Back in its early days Southwest Airlines was just another small business struggling to make a name for itself in a market full of much bigger and better known competitors. To be successful it had to use outrageous behaviors to help it gain a competitive edge. In those days one of its biggest competitors was Braniff International Airways. In Dallas, Braniff installed change machines near its gates that only gave you $.95 in change when you fed them a dollar bill. Southwest immediately installed change machines that gave you $1.05 back for every dollar you fed in it. Then they sent out a few news releases. Kaboom! Southwest gained lots of free publicity at a time when it needed it the most, AND endeared itself to customers and prospective customers. Braniff, on the other hand, well, Braniff declared bankruptcy and went out of business some time later.
When you´re a small business fighting against larger competitors, don´t be afraid to think outside the box, especially in marketing. Notice also that this incident could only have a positive impact on their customers´ loyalty to Southwest. I don´t know for sure, but I´m betting some SW employee, or perhaps even a customer, came up with the idea. Wherever the idea came from, be sure you encourage outrageous ideas like that from your employees and customers. Then don’t be afraid to implement them.
Although second in number of passengers flown, Southwest had the lowest number of customer complaints in the September Air Travel Consumer Report (Thank you Warren at Greshes Sales Advice.) From day one, SW has incorporated “outrageous” customer service into its corporate DNA. (Notice in the quote below, how the word “Customer” has an upper case “C”? That’s SOP at SW.) How much time, stress, and money do you think they have saved by focusing on exceeding their customers’ expectations? I believe this is a key factor in their being the most profitable domestic airline.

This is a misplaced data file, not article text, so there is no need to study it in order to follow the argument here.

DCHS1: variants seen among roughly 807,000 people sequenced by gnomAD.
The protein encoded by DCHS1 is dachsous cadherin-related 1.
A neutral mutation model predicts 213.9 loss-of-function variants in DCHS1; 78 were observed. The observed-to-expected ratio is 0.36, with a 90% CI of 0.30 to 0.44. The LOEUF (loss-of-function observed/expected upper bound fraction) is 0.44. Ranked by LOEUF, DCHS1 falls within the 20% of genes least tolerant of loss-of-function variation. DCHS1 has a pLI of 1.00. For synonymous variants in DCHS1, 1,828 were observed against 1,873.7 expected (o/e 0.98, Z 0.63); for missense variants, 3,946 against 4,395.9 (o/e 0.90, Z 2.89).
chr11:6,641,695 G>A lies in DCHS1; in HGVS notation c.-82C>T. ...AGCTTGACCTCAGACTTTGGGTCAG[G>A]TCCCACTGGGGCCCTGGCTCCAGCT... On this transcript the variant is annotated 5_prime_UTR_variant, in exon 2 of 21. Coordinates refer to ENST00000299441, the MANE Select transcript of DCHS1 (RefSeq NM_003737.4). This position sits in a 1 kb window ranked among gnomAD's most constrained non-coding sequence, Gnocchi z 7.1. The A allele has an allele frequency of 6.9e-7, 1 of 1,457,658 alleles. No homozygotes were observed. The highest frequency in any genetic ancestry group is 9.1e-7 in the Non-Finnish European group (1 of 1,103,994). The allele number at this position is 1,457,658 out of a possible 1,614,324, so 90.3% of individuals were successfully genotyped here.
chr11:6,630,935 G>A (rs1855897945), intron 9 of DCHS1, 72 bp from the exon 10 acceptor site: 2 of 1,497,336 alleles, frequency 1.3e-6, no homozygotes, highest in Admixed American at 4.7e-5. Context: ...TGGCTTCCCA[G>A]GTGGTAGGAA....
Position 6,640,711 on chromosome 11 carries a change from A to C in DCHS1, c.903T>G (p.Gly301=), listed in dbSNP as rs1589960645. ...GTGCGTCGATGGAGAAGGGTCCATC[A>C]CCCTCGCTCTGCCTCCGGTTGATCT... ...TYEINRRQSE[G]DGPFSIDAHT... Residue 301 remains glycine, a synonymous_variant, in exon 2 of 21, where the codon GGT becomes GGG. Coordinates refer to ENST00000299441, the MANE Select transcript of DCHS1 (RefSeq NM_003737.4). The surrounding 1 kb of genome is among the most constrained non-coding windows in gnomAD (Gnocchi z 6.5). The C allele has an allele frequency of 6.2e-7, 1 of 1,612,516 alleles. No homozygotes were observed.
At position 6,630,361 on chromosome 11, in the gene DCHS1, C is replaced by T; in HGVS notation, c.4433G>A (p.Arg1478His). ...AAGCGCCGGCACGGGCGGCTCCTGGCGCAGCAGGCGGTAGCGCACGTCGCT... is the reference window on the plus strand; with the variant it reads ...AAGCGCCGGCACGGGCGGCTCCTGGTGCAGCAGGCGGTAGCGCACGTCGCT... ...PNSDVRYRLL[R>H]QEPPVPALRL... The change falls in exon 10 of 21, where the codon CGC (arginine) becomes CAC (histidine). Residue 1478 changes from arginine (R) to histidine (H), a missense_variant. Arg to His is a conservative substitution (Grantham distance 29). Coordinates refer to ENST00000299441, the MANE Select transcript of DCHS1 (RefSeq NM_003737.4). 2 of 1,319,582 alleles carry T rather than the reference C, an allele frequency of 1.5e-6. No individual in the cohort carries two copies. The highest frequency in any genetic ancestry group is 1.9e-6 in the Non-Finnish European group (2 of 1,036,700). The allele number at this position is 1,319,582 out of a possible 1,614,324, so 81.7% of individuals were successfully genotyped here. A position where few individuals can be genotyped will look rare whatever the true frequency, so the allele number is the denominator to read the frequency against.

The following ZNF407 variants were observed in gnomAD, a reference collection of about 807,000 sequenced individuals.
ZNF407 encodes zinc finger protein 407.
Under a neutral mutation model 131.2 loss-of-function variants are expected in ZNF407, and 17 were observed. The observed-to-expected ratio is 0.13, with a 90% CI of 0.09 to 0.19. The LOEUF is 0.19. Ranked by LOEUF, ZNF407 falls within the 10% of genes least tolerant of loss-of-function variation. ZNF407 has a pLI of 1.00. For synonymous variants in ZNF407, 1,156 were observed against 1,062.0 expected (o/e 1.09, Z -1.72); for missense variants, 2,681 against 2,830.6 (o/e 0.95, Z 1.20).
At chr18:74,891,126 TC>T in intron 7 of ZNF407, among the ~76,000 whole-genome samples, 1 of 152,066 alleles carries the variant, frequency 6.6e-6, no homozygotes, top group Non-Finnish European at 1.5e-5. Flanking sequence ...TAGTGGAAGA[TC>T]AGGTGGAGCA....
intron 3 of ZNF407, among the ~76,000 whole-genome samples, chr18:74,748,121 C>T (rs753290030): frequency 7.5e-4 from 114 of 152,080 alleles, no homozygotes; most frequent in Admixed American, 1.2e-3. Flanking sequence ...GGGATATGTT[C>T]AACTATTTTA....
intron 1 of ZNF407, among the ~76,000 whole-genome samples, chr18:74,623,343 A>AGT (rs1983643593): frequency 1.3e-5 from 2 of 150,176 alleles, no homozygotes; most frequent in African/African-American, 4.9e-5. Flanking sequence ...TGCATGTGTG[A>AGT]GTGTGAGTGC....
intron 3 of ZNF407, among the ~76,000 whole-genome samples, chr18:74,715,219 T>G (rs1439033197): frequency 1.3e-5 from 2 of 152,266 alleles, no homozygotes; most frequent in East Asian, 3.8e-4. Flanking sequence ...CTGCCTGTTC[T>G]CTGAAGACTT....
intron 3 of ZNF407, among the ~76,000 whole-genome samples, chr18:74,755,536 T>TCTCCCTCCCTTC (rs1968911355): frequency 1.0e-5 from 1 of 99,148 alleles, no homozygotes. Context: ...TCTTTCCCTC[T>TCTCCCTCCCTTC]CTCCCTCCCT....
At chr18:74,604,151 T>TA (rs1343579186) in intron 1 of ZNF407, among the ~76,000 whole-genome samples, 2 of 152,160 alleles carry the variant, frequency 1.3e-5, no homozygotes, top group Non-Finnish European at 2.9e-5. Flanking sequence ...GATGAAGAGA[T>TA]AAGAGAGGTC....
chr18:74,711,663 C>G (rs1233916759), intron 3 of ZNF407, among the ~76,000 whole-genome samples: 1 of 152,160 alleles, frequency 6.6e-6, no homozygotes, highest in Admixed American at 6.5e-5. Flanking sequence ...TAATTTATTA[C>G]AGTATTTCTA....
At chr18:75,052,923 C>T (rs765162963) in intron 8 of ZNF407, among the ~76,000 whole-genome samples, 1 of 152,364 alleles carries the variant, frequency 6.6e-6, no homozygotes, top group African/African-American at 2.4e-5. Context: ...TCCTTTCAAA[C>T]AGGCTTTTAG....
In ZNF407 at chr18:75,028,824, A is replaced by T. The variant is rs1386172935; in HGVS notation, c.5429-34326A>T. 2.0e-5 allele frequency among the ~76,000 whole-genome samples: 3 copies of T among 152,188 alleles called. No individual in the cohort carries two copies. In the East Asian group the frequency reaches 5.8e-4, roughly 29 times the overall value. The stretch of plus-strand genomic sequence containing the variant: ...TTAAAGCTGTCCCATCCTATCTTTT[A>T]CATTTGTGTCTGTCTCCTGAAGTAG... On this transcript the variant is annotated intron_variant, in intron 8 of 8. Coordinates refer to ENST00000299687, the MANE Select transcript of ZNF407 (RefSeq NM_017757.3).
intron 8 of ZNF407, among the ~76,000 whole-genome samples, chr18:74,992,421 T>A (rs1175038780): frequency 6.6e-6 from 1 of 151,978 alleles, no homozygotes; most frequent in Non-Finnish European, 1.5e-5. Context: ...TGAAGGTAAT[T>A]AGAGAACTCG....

If you´ve flown with them you know that frequently their flight crews make it fun to be onboard. Whether its humorous announcements or presenting newlyweds with a bottle of wine, they like to create fun for their customers and themselves. How can you apply that to your business?
They call it Positively Outrageous Customer Service. What will you call your customer service philosophy?
Southwest Airlines has two Customer types–external and internal. Passengers pay our way–they are external Customers. Employees are internal Customers. As C.E.O., I must endeavor to satisfy both. Dissatisfied internal Customers generally care little if they provide satisfactory service. Ergo, all Customers eventually become unhappy.
—Herb D. Kelleher, former CEO as quoted in The Customer Is Always Right!